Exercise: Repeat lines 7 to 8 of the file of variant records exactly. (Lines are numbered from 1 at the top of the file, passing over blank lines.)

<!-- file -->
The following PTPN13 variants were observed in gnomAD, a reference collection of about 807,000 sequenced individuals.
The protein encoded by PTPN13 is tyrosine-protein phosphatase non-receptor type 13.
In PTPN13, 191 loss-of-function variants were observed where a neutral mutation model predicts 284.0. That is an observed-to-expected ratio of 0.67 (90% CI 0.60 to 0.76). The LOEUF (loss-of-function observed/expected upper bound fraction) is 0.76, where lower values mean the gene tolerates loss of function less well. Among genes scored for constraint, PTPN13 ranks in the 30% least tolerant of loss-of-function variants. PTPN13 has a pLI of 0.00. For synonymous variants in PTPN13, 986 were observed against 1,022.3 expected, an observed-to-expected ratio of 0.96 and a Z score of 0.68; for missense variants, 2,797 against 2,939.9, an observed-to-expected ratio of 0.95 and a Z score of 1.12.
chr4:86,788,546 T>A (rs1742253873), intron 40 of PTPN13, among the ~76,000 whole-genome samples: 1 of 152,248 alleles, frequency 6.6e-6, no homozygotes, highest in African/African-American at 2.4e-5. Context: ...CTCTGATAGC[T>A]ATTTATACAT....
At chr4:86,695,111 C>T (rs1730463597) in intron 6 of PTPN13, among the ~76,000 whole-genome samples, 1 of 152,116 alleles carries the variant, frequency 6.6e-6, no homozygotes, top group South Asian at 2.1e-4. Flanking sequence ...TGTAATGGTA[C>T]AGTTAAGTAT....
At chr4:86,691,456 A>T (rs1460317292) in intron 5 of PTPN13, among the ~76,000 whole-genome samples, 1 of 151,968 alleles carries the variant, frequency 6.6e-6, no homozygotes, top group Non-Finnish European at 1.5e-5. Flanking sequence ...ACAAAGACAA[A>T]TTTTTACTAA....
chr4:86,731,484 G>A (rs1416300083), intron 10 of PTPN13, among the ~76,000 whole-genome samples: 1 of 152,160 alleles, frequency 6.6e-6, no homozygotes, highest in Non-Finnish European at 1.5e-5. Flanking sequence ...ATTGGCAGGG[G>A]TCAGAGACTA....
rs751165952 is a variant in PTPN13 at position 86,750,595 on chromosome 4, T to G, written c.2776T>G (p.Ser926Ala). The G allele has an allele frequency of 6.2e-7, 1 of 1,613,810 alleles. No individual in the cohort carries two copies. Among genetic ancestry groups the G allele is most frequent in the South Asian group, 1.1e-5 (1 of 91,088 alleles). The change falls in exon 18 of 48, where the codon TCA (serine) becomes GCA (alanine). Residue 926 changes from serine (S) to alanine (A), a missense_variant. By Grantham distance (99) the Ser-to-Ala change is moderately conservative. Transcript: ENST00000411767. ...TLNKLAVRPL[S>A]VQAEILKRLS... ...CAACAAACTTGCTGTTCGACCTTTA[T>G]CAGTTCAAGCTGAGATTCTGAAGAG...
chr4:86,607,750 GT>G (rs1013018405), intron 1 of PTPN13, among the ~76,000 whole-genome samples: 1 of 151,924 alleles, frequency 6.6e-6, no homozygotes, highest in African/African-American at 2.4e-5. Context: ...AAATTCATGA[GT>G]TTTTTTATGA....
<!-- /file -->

chr4:86,731,484 G>A (rs1416300083), intron 10 of PTPN13, among the ~76,000 whole-genome samples: 1 of 152,160 alleles, frequency 6.6e-6, no homozygotes, highest in Non-Finnish European at 1.5e-5. Flanking sequence ...ATTGGCAGGG[G>A]TCAGAGACTA....
rs751165952 is a variant in PTPN13 at position 86,750,595 on chromosome 4, T to G, written c.2776T>G (p.Ser926Ala). The G allele has an allele frequency of 6.2e-7, 1 of 1,613,810 alleles. No individual in the cohort carries two copies. Among genetic ancestry groups the G allele is most frequent in the South Asian group, 1.1e-5 (1 of 91,088 alleles). The change falls in exon 18 of 48, where the codon TCA (serine) becomes GCA (alanine). Residue 926 changes from serine (S) to alanine (A), a missense_variant. By Grantham distance (99) the Ser-to-Ala change is moderately conservative. Transcript: ENST00000411767. ...TLNKLAVRPL[S>A]VQAEILKRLS... ...CAACAAACTTGCTGTTCGACCTTTA[T>G]CAGTTCAAGCTGAGATTCTGAAGAG...